Sharing Isn’t Caring

Before you read my (rant-type) post here, go read this article: Why I Don’t Make My Son Share


The principle here is that forcing kids to share their toys, etc with other kids may not be instilling niceness in them.  It may be instilling a sense of entitlement.  Instead of forcing kids to give up what they’re playing with, or to let another kid have a turn, they should be able to play with a toy until they’re finished playing with it.  I have witnessed stories like the ones the author shares.  I might have even been one of those moms (hopefully not as rude) asking for her daughter to be able to have a turn.  However, I know that if Ella Kate wants to play with something another kid has, I don’t ask the kid to give it up.  If they can play together, I might suggest that.  But I just don’t think I would take a toy from another kid just because “It’s Ella Kate’s turn.”

How do you feel about this method?  Are you a share mom?  How would you feel if your child’s preschool had the same policy?

4 thoughts on “Sharing Isn’t Caring”

  1. As a nanny, this share conflict comes up a lot! I feel that it can be a combination of things:
    Sometimes i use the “wait until he is finished line…” and other times i encourage the kids to “take turns.” Each situation is different, so i tend to guage it by what is going on, who is affected, and i also ask God for wisdom in the moment!


    1. I absolutely agree! It’s important to feel the situation and the kids involved. I didn’t much like her example of going to a public place and monopolizing one toy the whole time, but I definitely get the idea.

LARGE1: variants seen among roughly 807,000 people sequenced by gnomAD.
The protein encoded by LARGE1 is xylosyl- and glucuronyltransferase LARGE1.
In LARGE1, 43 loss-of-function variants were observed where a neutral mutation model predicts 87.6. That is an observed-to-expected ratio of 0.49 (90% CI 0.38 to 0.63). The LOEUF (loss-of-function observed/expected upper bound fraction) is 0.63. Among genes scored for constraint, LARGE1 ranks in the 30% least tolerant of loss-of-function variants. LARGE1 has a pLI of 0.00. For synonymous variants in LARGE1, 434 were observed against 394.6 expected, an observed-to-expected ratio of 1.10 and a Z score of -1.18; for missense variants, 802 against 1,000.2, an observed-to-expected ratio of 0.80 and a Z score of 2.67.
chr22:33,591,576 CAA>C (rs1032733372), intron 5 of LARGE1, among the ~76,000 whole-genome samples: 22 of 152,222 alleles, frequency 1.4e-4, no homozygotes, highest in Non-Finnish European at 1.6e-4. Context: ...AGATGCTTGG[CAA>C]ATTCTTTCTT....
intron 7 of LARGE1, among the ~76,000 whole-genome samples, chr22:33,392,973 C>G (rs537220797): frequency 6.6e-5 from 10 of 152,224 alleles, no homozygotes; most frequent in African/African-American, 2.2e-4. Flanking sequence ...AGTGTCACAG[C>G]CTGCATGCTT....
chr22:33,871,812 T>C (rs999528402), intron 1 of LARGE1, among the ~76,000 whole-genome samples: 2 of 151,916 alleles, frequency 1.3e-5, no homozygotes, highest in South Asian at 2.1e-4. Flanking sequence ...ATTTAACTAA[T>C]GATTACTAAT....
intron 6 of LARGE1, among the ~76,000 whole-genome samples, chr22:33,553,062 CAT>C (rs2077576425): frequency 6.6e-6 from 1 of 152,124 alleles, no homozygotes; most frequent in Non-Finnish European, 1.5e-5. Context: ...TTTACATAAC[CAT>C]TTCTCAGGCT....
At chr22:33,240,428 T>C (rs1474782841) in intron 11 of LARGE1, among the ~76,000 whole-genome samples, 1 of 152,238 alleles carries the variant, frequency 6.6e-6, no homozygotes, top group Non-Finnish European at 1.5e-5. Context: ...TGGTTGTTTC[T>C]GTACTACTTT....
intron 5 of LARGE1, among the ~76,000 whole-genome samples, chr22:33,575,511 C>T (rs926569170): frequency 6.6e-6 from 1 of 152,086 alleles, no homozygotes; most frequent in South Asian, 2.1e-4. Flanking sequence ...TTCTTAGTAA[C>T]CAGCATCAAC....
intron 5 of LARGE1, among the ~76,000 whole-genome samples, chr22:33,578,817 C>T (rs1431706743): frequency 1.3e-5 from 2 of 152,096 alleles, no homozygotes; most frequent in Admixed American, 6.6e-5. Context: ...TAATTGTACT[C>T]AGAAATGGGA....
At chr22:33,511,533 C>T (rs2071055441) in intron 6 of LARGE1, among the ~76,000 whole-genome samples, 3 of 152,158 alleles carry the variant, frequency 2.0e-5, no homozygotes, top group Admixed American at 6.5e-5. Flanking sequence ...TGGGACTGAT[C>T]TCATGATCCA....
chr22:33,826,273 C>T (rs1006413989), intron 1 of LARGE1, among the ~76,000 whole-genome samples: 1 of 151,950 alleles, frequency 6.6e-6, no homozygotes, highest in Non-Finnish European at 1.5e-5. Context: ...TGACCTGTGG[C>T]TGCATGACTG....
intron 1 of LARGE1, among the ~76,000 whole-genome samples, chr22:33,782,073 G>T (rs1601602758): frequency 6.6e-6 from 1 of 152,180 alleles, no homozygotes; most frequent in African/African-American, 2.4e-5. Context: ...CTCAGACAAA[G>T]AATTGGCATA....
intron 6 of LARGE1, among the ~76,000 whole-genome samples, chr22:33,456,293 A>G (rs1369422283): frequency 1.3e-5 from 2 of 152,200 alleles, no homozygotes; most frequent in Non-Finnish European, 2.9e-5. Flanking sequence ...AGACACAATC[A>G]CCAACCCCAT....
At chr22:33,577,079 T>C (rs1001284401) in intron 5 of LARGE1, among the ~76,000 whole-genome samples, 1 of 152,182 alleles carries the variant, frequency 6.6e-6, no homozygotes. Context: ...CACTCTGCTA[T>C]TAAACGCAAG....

Liked by 1 person

  2. Interesting post. It’s a good perspective to have, but I do believe that sharing is an important part of social development. When my daughter wants something another child has – I never ask for it, I let her handle the situation, if the other kid says no, then I tell her it’s fine because the toy/object is not hers – It is important for her to learn to respect other people’s possessions and decisions. However, when a child asks my daughter to play with something she is using – especially if it’s not hers – I will let her play with it for a while and then ask her to share it with the other child. The same concept goes both ways – you shouldn’t let your child become so possessive over one thing – if someone else wants it or needs it, your child should learn how to cope with having to share it. In life you will have to share a lot of things – not everything – but many things, and learning how to cope with that early on is important. Having said that, I totally disagree with the mothers in the article who expected their child to get something another kid was playing with – it is a good lesson to learn that you can’t always get what you want when you want it.


    1. I agree! But in addition to that, I don’t want melt child to become bitter about how de has to share and other kids don’t. And every situation is different. It’s a tough call. Thanks for your perspective!


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